Thanks to tighter credit standards and stricter regulatory scrutiny, many small businesses have found it difficult—or impossible—to get a bank loan.
A federal proposal to launch a $30 billion fund aimed at boosting lending could help. But, in the meantime, a growing number of companies that might not have been able to get a loan from a traditional bank have been flocking to microfinance institutions, instead.
Called community development financial institutions (CDFIs), these organizations include community development banks, credit unions, loan funds, and venture funds “dedicated to serving small businesses and others who are outside the financial mainstream,” says Mark Pinsky, CEO of Opportunity Finance Network, a network of microfinance groups based in Philadelphia.
Some provide loans of up to $35,000 to “anybody having trouble getting access to credit,” says Pinsky. Others lend amounts of up to $200,000 to small businesses.
But, most important, the approximately 700 CDFIs in the U.S. have dramatically different lending criteria from the usual bank standards. They include an eclectic mix of such factors as a good credit score and relevant industry experience. You also need collateral, but often that can mean anything from a car to a television.
Then there’s the matter of past problems. Even if you’ve had some sizeable ups and downs, you’ll still be in the running, according to Jim Olp, senior business consultant with the Denver Metro SBDC. He points to a client who wasn’t able to get financing from a traditional bank to buy new machinery, thanks to a previous business failure. She recently received a loan from a microfinance lender.
It’s no surprise, then, that more small businesses have been seeking such loans recently. According to Opportunity Finance, the number of new loans at 16 microfinance organizations made in the fourth quarter of 2009 grew 69 percent from the same quarter the year before. Of 32 small-business CDFIs, 68 percent saw an increase in applications and 56 percent had a rise in loan originations.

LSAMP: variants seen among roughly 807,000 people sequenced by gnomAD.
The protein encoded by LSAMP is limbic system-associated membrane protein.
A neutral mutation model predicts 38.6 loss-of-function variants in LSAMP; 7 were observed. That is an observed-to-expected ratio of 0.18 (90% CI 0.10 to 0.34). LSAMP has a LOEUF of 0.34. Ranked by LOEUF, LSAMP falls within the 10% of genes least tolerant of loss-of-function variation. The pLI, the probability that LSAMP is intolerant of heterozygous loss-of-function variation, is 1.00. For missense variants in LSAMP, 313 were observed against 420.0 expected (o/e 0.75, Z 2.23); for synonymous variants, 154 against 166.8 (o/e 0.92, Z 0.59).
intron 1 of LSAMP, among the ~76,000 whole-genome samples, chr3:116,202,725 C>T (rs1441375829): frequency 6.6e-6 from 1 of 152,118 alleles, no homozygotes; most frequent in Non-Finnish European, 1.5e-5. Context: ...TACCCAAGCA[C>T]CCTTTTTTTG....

If you’re thinking of approaching a CDFI, here’s what you should know:
Look for a CDFI near you. Your first step, of course, is finding an appropriate institution in the area. One way to do that is through opportunityfinance.net, where you can search by state, city or lending type. Another possibility is to visit CDFIfund.gov on the U.S. Treasury Department’s website. Or contact a local small business development center for suggestions.
Bring as many records as you can. There are no hard and fast rules for the documents you need to present. But, it’s best to supply whatever you have, from bank statements to your balance sheet. You can provide a business plan, too, although it doesn’t need to be formal. “It can be what’s in your head,” says Pinsky.
Expect a give and take. CDFIs start out with the philosophy that they really want to lend. For that reason, “We will work very hard to find a loan to fit the borrower,” says Pinsky. To that end, the typical CDFI loan officer will analyze your situation—from your business plan and product mix to your accounting systems and financial statements—to look for ways to help. Often, for example, applicants discover that sloppy bookkeeping has been slowing down their progress and, says Pinsky, “We’ll provide some hands-on technical assistance to get that stuff in order.”
In fact, according to Pinsky, since the downturn, CDFIs have been providing more than the usual amount of support to applicants, looking especially carefully at areas of weakness and, when necessary, making introductions to local experts who can help. “We haven’t slowed down our lending, but we’ve changed our approach,” says Pinsky. “The economy’s been tough on everybody.”